As the Industrial Revolution made clear, these kinds of moments don't happen overnight; they build over time. Like then, a series of factors are now contributing to the tipping point we are rapidly approaching--most notably the economic uncertainty, global instability and technological advances that the country is experiencing. On top of these drivers, there is a demographic transformation taking place that is literally changing who we are as a country.

Of course, the political phase began over 30 years ago, when Thatcher and Reagan broke the momentum of the union movement and with it inflation, then instituted a massive free trade movement and defeated the only, even theoretical, alternatives to capitalism, all the while unleashing waves of free migration of peoples.  Meanwhile, the innovations of the information/computer age were chugging along in the background.  Additionally, the demographic changes in the workplace mean that rather than adding women and minorities to a white male workforce, all groups are now competing for only such jobs as are actually required.

The result is we're tipping into an economy where we achieve higher output (wealth) with less human input (labor), meaning that the former can not be redistributed fairly via the latter.  

We are then faced with two choices : we can try to cling to the labor redistribution model, at only a cost of reducing the wealth created in the first instance and requiring of people that they work in meaningless jobs to obtain that decreased wealth; or we can continue to maximize wealth creation and find another means of redistribution for that increased wealth.  

Posted by orrinj at 6:32 PM


Rising healthcare costs are pressuring patients (LISA ZAMOSKY, 3/30/15, LA Times)

Americans who get health insurance through work and on their own have seen big rise in costs over last decade

A recent survey by private health insurance exchange EHealth highlights the pressure Americans are feeling. It found that more than 6 in 10 people say they're more worried about the financial effect of expensive medical emergencies and paying for healthcare than about funding retirement or covering their kids' education.

People who get health insurance through work and on their own have seen their costs rise dramatically over the last decade.

According to the Commonwealth Fund, a New York think tank, annual increases in work-based health plan premiums rose three times faster than wages from 2003 to 2013. Out-of-pocket costs have also been climbing.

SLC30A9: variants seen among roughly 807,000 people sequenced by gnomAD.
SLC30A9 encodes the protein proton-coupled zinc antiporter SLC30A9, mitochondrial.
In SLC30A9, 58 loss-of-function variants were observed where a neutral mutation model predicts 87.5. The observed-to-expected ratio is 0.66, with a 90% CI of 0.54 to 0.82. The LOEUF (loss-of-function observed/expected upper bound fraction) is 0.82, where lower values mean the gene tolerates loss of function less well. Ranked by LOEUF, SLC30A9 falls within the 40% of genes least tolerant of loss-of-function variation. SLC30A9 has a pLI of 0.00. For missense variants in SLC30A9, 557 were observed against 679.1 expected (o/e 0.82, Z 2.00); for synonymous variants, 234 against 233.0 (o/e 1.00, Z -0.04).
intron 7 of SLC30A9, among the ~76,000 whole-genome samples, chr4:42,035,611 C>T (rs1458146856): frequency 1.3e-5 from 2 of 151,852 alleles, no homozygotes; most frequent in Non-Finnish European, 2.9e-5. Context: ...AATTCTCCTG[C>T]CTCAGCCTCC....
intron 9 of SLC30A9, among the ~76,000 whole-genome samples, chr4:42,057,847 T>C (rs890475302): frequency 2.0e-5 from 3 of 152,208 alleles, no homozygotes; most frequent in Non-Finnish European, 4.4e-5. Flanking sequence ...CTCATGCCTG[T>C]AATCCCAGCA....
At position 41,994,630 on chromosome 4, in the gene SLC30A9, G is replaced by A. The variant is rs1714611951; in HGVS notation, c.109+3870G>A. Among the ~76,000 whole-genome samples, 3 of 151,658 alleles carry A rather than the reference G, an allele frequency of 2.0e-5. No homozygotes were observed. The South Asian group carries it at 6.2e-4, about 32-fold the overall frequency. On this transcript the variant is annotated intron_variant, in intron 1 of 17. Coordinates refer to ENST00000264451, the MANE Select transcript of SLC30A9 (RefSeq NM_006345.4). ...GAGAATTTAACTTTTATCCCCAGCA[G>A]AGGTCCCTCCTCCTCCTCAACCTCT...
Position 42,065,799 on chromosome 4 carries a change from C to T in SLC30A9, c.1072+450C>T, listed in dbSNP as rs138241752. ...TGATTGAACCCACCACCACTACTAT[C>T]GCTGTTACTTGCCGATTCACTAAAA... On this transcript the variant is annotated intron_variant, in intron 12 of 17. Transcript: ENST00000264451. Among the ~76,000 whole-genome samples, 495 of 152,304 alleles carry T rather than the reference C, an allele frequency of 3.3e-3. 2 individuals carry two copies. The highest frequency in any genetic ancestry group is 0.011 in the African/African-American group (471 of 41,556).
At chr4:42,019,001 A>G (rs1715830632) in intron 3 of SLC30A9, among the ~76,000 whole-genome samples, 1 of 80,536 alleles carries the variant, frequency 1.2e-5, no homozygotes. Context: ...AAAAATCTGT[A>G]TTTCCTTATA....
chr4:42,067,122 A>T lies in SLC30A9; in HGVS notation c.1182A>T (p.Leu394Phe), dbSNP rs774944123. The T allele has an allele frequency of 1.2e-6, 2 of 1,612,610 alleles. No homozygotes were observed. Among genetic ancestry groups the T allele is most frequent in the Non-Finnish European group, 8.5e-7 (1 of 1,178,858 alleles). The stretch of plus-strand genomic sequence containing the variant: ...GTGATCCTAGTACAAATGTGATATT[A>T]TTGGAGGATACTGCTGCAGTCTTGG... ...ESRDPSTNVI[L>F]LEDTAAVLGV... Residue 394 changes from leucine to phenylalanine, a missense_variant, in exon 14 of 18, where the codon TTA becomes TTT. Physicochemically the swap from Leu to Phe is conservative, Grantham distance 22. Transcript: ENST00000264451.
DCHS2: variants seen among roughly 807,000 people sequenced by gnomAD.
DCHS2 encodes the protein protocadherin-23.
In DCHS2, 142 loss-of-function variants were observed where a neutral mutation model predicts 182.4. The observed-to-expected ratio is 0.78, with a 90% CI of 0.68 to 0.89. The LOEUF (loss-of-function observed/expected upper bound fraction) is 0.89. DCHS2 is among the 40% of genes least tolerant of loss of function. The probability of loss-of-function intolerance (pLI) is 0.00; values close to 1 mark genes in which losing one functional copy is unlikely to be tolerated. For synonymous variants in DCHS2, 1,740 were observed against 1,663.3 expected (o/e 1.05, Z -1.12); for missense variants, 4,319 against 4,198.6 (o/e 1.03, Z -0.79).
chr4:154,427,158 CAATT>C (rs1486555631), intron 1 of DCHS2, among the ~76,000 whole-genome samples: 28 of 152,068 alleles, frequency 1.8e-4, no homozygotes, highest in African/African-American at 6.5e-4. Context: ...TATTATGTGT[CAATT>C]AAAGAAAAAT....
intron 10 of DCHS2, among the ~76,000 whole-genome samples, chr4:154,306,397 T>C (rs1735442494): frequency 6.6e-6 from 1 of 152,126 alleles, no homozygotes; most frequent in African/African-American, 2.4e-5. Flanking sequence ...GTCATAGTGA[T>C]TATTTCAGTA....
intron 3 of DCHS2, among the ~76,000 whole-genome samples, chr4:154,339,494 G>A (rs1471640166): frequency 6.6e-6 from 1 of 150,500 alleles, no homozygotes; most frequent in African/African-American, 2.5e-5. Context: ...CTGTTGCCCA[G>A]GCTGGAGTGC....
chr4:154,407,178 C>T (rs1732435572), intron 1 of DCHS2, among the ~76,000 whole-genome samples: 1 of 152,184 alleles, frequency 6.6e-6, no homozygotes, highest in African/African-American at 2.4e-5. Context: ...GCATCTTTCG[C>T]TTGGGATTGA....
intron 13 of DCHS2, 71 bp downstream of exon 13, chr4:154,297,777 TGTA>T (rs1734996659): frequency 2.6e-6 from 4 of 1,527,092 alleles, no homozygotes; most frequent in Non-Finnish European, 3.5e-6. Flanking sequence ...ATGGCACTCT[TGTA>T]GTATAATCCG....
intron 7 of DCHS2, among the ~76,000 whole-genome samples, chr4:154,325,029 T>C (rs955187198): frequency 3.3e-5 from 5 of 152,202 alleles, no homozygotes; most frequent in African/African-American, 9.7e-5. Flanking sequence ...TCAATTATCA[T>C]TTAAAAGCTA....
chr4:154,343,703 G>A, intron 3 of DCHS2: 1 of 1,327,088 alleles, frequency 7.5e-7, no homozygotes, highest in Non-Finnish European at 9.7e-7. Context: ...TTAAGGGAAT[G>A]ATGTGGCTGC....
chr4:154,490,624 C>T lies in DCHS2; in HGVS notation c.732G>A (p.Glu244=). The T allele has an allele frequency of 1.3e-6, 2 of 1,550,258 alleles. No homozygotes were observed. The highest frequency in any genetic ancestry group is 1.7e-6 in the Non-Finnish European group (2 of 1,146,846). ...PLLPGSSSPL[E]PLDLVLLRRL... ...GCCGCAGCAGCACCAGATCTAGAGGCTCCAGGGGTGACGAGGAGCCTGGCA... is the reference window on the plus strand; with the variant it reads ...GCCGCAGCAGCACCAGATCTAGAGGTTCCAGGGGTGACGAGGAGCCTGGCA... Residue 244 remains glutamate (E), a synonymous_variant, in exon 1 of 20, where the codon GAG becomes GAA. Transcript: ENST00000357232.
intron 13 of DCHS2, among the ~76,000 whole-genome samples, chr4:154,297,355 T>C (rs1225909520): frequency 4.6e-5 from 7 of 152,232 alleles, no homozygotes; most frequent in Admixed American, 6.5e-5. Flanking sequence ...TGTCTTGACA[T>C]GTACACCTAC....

"More people have deductibles than ever before," says Sara Collins, a Commonwealth Fund vice president. From 2003 to 2013, the size of deductibles has grown nearly 150%.

Posted by orrinj at 2:15 PM


GOD AND JEB : Inside his spiritual journey and his stealth campaign to woo Christian conservatives. (TIM ALBERTA AND TIFFANY STANLEY, 3/29/15, National Journal)

Two weeks after his defeat, Bush went to Miami's Church of the Epiphany and began the Catholic Rite of Christian Initiation of Adults--a months-long process that required him to go to confession, find a sponsor, and attend weekly courses on church doctrine and practice. He later told a Florida Catholic newspaper that the process allowed him "to take some time to pause and reflect"; this wasn't the kind of dramatic, "I was blind, but now I see" conversion that his brother had experienced. On Easter weekend of 1995, Bush was formally received into the Roman Catholic Church. In the years since, he has said that he finds the tradition's sacraments comforting and that his "faith was strengthened when I converted to my wife's faith." Between his first two campaigns, Bush continued his previous work in real estate, but he also helped start a charter school in a struggling Miami neighborhood. He cowrote a book, Profiles in Character, which cribbed its title and premise from Profiles in Courage, the Pulitzer Prize-winning work of America's only Catholic president, John Kennedy. Bush dedicated the book to his family, and "to God, whose divine and guiding light is the ultimate means to virtue."

"I think he grew spiritually in that decade of the '90s," says Al Cardenas, the former American Conservative Union chairman who has known Bush for almost four decades. "It made him a better husband and dad. I saw that before my very eyes."